[Editor’s Note: This is a guest post from Scott Nelson-Archer, CLU, ChFC, owner of MD Financial Services, Inc. His firm specializes in disability insurance for physicians including “Own Specialty” . I received no payment for this post and like all guest posts, was judged on value of content alone]
I frequently review disability contracts for clients or compare contracts they might already have. There are two basic categories of features to consider, Macro and Micro. We will discuss Macro features in this article as that is where the meat in a disability contract is; so let’s go through those:
Non-Cancelable – This means the carrier does NOT have the right to EVER change or cancel any provision in your policy, whether we are talking the language OR the premium; everything is fixed until you hit age 65. Group policies and association policies don’t have this feature. They can change these, sometimes as often as every 30 days, without your consent.
Elimination Period– Most of us think of this as simply a number of days (90, 180, etc.) but, while that is true, the larger issue is: what does the definition stipulate? Quality contracts will have a 15% or 20% loss of income to trigger elimination qualification days. Some group and most association plans will have language that states you have to be “Totally and Continually” disabled for the elimination period to become benefit-eligible. Which would you rather have, a 15-20% loss of income or need 100% loss of income to trigger benefits?
Examples of Typical Disability Definitions
- If you are unable to work in your medical specialty, full benefits are payable even if you are working in a different occupation.
- If you are unable to work in your medical specialty, full benefits are payable. However, if you choose to be employed in another occupation; the carrier will pay full benefits equal to the monthly benefit for “Total Disability” until your post-disability earnings plus your disability benefit payments exceed your pre-disability earnings. At the point at which your earnings plus benefits exceed pre-disability earnings, the benefits begin to decrease dollar for dollar.
- If you are unable to work in your medical specialty, full benefits are payable if you are not working at a different occupation. Proportionate benefits are payable if you work in a different occupation, with a loss of income. (Note that the choice to work in another occupation is yours and not the company’s).
- If you are unable to work in your medical specialty, full benefits are payable for a limited period of time – two or five years. After that, you must be unable to work at any occupation for which you are “reasonably suited”.
All of these have a period of time for which they are “True Own Occupation/Specialty” definitions but I would suggest they are not all “True Own Occupation” specialties. As of this writing there are no group carriers or association plans that have a True Own Occupation offering for physicians…even though some of their marketing suggests otherwise!
Residual– This feature allows the contract to pay you a partial benefit if you are working part time. If you have a True Own Occupation definition, then you will receive full benefits if you can’t work in your specialty. If you are working in your specialty but at a reduced schedule that impacts your productivity and, thus, income, then you will get a partial/residual benefit. Generally speaking, the mathematical equation is the percentage of income lost to the percentage of benefits to be paid.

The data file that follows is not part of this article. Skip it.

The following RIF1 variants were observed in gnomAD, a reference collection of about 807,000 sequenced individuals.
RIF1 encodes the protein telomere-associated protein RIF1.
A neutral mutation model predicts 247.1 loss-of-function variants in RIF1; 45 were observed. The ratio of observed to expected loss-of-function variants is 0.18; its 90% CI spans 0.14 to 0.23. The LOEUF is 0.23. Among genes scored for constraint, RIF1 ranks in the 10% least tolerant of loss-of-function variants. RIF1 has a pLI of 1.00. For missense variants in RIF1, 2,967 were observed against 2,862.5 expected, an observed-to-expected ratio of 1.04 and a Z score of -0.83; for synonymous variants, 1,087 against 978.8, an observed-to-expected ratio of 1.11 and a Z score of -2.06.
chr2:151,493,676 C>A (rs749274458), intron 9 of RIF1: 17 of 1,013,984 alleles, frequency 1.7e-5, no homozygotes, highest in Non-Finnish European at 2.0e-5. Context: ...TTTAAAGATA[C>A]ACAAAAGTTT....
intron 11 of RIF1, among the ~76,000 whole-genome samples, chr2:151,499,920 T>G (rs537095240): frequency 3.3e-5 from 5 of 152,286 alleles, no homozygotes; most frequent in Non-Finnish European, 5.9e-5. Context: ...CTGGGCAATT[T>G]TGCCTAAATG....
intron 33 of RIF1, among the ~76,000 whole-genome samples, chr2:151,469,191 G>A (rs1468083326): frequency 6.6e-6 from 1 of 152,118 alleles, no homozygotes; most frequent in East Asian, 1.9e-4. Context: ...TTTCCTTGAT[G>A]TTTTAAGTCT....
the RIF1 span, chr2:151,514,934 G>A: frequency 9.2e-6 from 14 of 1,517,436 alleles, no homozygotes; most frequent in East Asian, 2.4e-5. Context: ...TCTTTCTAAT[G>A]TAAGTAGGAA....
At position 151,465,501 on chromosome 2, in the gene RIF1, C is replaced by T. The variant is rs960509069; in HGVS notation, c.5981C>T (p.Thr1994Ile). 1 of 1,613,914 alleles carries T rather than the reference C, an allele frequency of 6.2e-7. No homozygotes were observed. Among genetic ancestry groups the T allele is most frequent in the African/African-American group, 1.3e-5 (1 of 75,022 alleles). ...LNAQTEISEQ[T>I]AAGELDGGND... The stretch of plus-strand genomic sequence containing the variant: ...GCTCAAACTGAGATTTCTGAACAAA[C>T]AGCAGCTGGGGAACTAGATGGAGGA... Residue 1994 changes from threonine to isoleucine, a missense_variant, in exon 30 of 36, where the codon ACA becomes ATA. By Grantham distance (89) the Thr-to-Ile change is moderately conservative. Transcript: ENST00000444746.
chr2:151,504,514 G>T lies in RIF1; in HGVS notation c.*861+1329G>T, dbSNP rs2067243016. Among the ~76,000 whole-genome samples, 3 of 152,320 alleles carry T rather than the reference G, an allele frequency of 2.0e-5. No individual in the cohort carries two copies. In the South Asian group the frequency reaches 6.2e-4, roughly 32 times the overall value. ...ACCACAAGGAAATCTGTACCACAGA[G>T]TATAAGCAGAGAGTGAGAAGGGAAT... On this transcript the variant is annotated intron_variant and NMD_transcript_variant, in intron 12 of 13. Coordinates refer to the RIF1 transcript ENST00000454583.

Recovery– This final feature is also quite important since there are many people who get hurt or sick and then return to work after a certain period of time. While most people go back to a 40-hour salaried work week, physicians generally work over 40 hours and their pay is calculated by a somewhat complex compensation calculation. A high-quality contract will literally compare pre-disability income to post-disability income, and calculate the percentage of the benefit that will continue to be paid based upon the loss as a percentage of income.
The Residual feature is simply a continuation of the Recovery feature beyond the point you go back to full time. Most contracts don’t include Recovery. Let’s say, for example, that you have downshifted from your previous 60-hour workweek (with more profitable billing codes) to a 40-hour week. You are still working full time, but, because you don’t have Recovery in your policy, you are off of claim even though you may be making significantly less.
I always like to say that there are no loopholes in contracts; rather, there is just “language”. If you don’t pay attention to the language, then you’ll have the same surprise that I get when I don’t read about those nasty side effects my doctor keeps warning me about!
If you’re thinking that this is a lot to digest, you’re right! When you don’t know the terms that matter, it’s difficult to make sure you have the right contract specifically for you. If you’d like a second opinion to make sure you have the right “language” and the best price for the coverage you need, contact us for a no-charge, no-obligation review of your policy
Scott Nelson-Archer, CLU, ChFC